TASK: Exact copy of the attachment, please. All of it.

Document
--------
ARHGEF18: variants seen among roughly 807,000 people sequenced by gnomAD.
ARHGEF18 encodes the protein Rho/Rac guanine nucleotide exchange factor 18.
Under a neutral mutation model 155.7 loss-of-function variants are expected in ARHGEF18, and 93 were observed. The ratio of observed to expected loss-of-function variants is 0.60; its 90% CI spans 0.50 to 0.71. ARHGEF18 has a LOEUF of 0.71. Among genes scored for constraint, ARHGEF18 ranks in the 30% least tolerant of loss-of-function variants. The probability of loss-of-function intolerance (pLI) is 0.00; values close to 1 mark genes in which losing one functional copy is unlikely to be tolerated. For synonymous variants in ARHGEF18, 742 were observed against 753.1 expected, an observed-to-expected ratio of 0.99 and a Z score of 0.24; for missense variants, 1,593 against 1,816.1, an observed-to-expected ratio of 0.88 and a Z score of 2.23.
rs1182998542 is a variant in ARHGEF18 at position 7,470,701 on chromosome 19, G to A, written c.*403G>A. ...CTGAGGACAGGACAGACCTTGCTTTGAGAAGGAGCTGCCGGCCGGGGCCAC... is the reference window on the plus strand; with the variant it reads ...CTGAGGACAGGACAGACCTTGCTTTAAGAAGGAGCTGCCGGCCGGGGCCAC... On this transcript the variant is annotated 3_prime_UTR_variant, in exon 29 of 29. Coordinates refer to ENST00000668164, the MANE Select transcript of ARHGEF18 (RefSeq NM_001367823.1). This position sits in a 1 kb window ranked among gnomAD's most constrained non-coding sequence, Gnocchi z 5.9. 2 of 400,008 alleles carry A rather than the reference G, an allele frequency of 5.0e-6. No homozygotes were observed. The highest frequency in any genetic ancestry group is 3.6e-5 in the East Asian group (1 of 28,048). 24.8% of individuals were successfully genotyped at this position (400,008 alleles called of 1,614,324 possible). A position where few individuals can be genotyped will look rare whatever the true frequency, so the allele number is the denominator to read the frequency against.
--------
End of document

ARHGEF18: variants seen among roughly 807,000 people sequenced by gnomAD.
ARHGEF18 encodes the protein Rho/Rac guanine nucleotide exchange factor 18.
Under a neutral mutation model 155.7 loss-of-function variants are expected in ARHGEF18, and 93 were observed. The ratio of observed to expected loss-of-function variants is 0.60; its 90% CI spans 0.50 to 0.71. ARHGEF18 has a LOEUF of 0.71. Among genes scored for constraint, ARHGEF18 ranks in the 30% least tolerant of loss-of-function variants. The probability of loss-of-function intolerance (pLI) is 0.00; values close to 1 mark genes in which losing one functional copy is unlikely to be tolerated. For synonymous variants in ARHGEF18, 742 were observed against 753.1 expected, an observed-to-expected ratio of 0.99 and a Z score of 0.24; for missense variants, 1,593 against 1,816.1, an observed-to-expected ratio of 0.88 and a Z score of 2.23.
rs1182998542 is a variant in ARHGEF18 at position 7,470,701 on chromosome 19, G to A, written c.*403G>A. ...CTGAGGACAGGACAGACCTTGCTTTGAGAAGGAGCTGCCGGCCGGGGCCAC... is the reference window on the plus strand; with the variant it reads ...CTGAGGACAGGACAGACCTTGCTTTAAGAAGGAGCTGCCGGCCGGGGCCAC... On this transcript the variant is annotated 3_prime_UTR_variant, in exon 29 of 29. Coordinates refer to ENST00000668164, the MANE Select transcript of ARHGEF18 (RefSeq NM_001367823.1). This position sits in a 1 kb window ranked among gnomAD's most constrained non-coding sequence, Gnocchi z 5.9. 2 of 400,008 alleles carry A rather than the reference G, an allele frequency of 5.0e-6. No homozygotes were observed. The highest frequency in any genetic ancestry group is 3.6e-5 in the East Asian group (1 of 28,048). 24.8% of individuals were successfully genotyped at this position (400,008 alleles called of 1,614,324 possible). A position where few individuals can be genotyped will look rare whatever the true frequency, so the allele number is the denominator to read the frequency against.